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Ground is broken for the new Winter Lakes schoolhouse in Coquille
"We saw the possibilities"

COQUILLE — In almost 240 days from now, the Coquille School District will have a brand new Winter Lakes schoolhouse and district trade building.

On Monday, the district broke ground where the construction will soon take place. Superintendent Tim Sweeney showed guests at the ground breaking ceremony where parts of the new school will stand in place of the old Granite Plus building.

Jillian Ward / JILLIAN WARD The World 

Superintendent Tim Sweeney shows where future Winter Lakes classrooms and cafeteria will stand after construction of the new school is finished.

“When we started this, we thought if we had 50 students at Winter Lakes and could get 20 of those to get a GED, we would be highly successful,” Sweeney told The World, looking back at how the district’s alternative school got started. “We have 350 students now and get 68 percent to graduate.”

As he put it, Winter Lakes gives students feeling disenfranchised with the traditional school setting a way to graduate early or recover credits.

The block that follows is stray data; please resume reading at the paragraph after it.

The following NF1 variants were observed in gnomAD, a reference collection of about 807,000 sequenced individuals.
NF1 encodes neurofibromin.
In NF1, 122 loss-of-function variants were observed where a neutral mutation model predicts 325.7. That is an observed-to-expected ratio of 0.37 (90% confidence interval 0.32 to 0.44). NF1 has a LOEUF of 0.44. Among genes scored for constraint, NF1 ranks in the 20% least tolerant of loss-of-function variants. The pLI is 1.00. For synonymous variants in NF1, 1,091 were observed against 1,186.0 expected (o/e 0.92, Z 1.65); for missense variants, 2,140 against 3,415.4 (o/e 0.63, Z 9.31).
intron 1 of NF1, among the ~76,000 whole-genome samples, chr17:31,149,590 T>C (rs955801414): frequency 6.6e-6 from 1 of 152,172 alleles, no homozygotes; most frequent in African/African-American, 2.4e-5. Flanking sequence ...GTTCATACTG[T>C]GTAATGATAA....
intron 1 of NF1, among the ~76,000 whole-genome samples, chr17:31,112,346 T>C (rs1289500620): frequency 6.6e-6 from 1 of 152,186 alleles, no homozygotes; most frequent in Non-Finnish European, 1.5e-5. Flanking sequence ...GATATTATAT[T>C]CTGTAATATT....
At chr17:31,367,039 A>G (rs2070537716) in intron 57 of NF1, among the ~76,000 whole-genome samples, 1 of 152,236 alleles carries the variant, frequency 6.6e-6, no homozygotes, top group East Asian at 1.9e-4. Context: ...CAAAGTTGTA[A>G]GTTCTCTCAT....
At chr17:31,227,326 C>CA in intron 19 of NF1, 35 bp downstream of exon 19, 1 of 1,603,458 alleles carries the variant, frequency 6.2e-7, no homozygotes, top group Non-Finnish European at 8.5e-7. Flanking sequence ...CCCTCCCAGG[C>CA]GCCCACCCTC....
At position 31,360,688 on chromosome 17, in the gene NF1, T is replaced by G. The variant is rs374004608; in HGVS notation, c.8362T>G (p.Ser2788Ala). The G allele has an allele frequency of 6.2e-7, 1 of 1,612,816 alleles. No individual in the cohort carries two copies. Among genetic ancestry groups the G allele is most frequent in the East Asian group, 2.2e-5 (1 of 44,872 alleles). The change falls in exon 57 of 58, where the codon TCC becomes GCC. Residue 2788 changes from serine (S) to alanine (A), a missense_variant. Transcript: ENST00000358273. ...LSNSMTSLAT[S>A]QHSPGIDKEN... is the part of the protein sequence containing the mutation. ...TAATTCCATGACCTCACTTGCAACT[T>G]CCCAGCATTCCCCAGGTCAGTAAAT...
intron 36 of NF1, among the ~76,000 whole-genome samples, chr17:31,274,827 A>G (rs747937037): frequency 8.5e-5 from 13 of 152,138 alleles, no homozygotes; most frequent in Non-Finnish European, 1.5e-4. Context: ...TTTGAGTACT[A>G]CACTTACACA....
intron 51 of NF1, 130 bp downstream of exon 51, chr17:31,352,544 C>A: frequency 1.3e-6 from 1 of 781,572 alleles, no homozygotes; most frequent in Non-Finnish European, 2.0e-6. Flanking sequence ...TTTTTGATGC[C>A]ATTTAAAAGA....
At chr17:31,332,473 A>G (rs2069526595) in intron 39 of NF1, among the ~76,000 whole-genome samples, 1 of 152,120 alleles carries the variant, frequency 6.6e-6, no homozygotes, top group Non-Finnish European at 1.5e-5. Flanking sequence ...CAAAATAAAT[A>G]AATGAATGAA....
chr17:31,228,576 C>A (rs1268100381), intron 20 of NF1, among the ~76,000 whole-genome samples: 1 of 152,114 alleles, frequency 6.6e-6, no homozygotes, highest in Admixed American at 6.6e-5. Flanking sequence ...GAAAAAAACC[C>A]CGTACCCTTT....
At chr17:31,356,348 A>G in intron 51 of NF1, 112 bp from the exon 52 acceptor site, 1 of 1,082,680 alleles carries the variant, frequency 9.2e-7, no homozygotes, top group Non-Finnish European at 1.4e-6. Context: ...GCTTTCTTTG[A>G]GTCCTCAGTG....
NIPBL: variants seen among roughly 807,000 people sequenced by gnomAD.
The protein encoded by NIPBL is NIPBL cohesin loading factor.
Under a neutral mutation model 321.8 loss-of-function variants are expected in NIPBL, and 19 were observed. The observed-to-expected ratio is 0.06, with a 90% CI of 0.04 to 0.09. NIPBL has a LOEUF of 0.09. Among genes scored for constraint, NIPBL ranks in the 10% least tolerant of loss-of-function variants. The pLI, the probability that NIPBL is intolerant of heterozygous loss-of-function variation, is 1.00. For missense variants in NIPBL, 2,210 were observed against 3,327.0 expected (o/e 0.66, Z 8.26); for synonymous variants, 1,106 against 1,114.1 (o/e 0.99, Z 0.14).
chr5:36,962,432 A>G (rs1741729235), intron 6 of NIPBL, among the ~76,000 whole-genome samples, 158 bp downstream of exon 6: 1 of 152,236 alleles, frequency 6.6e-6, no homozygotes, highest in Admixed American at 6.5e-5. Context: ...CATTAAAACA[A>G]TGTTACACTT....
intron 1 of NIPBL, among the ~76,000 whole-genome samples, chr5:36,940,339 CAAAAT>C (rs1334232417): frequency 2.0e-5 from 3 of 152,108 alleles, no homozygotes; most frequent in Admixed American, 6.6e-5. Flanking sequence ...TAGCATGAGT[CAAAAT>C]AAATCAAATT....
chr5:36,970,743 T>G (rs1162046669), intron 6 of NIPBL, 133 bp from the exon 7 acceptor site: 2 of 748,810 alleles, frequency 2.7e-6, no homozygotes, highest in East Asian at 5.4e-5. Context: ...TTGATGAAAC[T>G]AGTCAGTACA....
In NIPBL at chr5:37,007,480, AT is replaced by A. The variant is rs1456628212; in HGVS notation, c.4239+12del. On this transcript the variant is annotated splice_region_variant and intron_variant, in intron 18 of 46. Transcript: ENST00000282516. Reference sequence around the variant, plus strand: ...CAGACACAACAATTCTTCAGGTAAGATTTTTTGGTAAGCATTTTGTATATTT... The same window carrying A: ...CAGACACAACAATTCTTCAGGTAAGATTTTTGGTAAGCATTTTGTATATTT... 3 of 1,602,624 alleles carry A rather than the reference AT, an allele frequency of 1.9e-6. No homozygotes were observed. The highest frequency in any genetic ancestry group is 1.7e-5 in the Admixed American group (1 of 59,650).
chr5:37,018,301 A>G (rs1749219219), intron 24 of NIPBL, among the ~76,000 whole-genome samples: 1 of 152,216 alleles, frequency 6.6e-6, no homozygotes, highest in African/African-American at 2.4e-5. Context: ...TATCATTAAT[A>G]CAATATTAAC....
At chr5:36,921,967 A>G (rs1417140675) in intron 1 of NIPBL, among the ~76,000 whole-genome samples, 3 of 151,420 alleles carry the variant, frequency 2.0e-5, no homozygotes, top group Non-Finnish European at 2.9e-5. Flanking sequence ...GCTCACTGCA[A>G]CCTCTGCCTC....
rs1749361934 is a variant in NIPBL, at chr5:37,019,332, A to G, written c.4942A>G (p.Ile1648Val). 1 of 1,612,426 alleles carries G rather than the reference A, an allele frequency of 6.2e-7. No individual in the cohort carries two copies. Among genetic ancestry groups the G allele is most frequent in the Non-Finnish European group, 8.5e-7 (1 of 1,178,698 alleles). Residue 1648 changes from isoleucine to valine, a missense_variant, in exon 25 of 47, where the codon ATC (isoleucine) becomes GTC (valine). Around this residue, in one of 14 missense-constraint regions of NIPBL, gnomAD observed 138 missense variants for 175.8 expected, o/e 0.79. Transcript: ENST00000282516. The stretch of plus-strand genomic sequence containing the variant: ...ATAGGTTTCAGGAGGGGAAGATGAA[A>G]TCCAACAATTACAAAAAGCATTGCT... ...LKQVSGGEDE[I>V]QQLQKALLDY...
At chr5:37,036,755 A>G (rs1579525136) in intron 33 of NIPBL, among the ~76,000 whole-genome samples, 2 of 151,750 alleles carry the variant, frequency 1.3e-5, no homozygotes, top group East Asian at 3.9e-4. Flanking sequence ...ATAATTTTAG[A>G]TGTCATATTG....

“Last year, we had four get their Associate’s Degrees when they graduated,” he said. “When this new building is finished, it will feel like Winter Lakes is more part of the district. The growth we’ve seen at the school is stunning and we’re happy and excited to be here.”

Sweeney explained that the new school will be completed so quickly because it is small. The new school will have eight classrooms, an office and a cafeteria. Not only that, but the total project is costing the district close to $5 million.

“For a school, that is a bargain,” Sweeney said.

 Winter Lakes Principal Tony Jones stood in the doorway of the old Granite Plus building and said, “It’s been a long time coming.”

“We’ve done a lot of planning,” he said. “Each step makes it more real.”

Not only will the new site be a brick and mortar school for Winter Lakes, but will also hold the new trade building for the district. It will house construction, as well as cosmetology programs for students.

Jillian Ward / JILLIAN WARD The World 

Superintendent Tim Sweeney stands with Winter Lakes Principal Tony Jones at the site of the new Winter Lakes school on Monday before the ground breaking ceremony.

“Measure 98 funds let us do cosmetology,” Jones said. “We started with our school board with the idea and then our administration teams, making visits around the state to see what other districts are doing. We saw the possibilities and once we get up and going then local students will benefit.”

As part of the trade program, the district purchased two caterpillar construction simulators. One is a front loader, while the other is an excavator.